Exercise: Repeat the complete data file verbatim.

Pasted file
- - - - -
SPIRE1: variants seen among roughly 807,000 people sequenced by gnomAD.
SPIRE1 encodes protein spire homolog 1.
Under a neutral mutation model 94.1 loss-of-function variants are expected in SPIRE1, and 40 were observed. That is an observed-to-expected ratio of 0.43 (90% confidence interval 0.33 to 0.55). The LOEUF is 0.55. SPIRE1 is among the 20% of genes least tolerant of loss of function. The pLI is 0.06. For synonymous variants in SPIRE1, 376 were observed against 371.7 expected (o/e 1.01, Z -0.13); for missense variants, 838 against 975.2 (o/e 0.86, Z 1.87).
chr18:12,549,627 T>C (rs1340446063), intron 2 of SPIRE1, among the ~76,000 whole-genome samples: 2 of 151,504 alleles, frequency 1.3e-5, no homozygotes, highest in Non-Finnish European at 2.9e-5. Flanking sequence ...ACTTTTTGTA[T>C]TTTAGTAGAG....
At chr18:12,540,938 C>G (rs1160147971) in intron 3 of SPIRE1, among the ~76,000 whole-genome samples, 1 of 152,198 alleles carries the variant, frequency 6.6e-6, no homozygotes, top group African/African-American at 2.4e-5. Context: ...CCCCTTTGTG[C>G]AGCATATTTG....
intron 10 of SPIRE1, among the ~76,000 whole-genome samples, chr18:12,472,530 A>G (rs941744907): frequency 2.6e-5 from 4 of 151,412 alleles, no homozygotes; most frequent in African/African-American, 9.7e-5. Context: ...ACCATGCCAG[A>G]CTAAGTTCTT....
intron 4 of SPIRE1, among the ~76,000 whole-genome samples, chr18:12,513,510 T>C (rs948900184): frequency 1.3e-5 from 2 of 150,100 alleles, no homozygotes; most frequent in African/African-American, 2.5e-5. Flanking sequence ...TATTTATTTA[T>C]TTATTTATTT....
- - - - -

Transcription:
SPIRE1: variants seen among roughly 807,000 people sequenced by gnomAD.
SPIRE1 encodes protein spire homolog 1.
Under a neutral mutation model 94.1 loss-of-function variants are expected in SPIRE1, and 40 were observed. That is an observed-to-expected ratio of 0.43 (90% confidence interval 0.33 to 0.55). The LOEUF is 0.55. SPIRE1 is among the 20% of genes least tolerant of loss of function. The pLI is 0.06. For synonymous variants in SPIRE1, 376 were observed against 371.7 expected (o/e 1.01, Z -0.13); for missense variants, 838 against 975.2 (o/e 0.86, Z 1.87).
chr18:12,549,627 T>C (rs1340446063), intron 2 of SPIRE1, among the ~76,000 whole-genome samples: 2 of 151,504 alleles, frequency 1.3e-5, no homozygotes, highest in Non-Finnish European at 2.9e-5. Flanking sequence ...ACTTTTTGTA[T>C]TTTAGTAGAG....
At chr18:12,540,938 C>G (rs1160147971) in intron 3 of SPIRE1, among the ~76,000 whole-genome samples, 1 of 152,198 alleles carries the variant, frequency 6.6e-6, no homozygotes, top group African/African-American at 2.4e-5. Context: ...CCCCTTTGTG[C>G]AGCATATTTG....
intron 10 of SPIRE1, among the ~76,000 whole-genome samples, chr18:12,472,530 A>G (rs941744907): frequency 2.6e-5 from 4 of 151,412 alleles, no homozygotes; most frequent in African/African-American, 9.7e-5. Context: ...ACCATGCCAG[A>G]CTAAGTTCTT....
intron 4 of SPIRE1, among the ~76,000 whole-genome samples, chr18:12,513,510 T>C (rs948900184): frequency 1.3e-5 from 2 of 150,100 alleles, no homozygotes; most frequent in African/African-American, 2.5e-5. Flanking sequence ...TATTTATTTA[T>C]TTATTTATTT....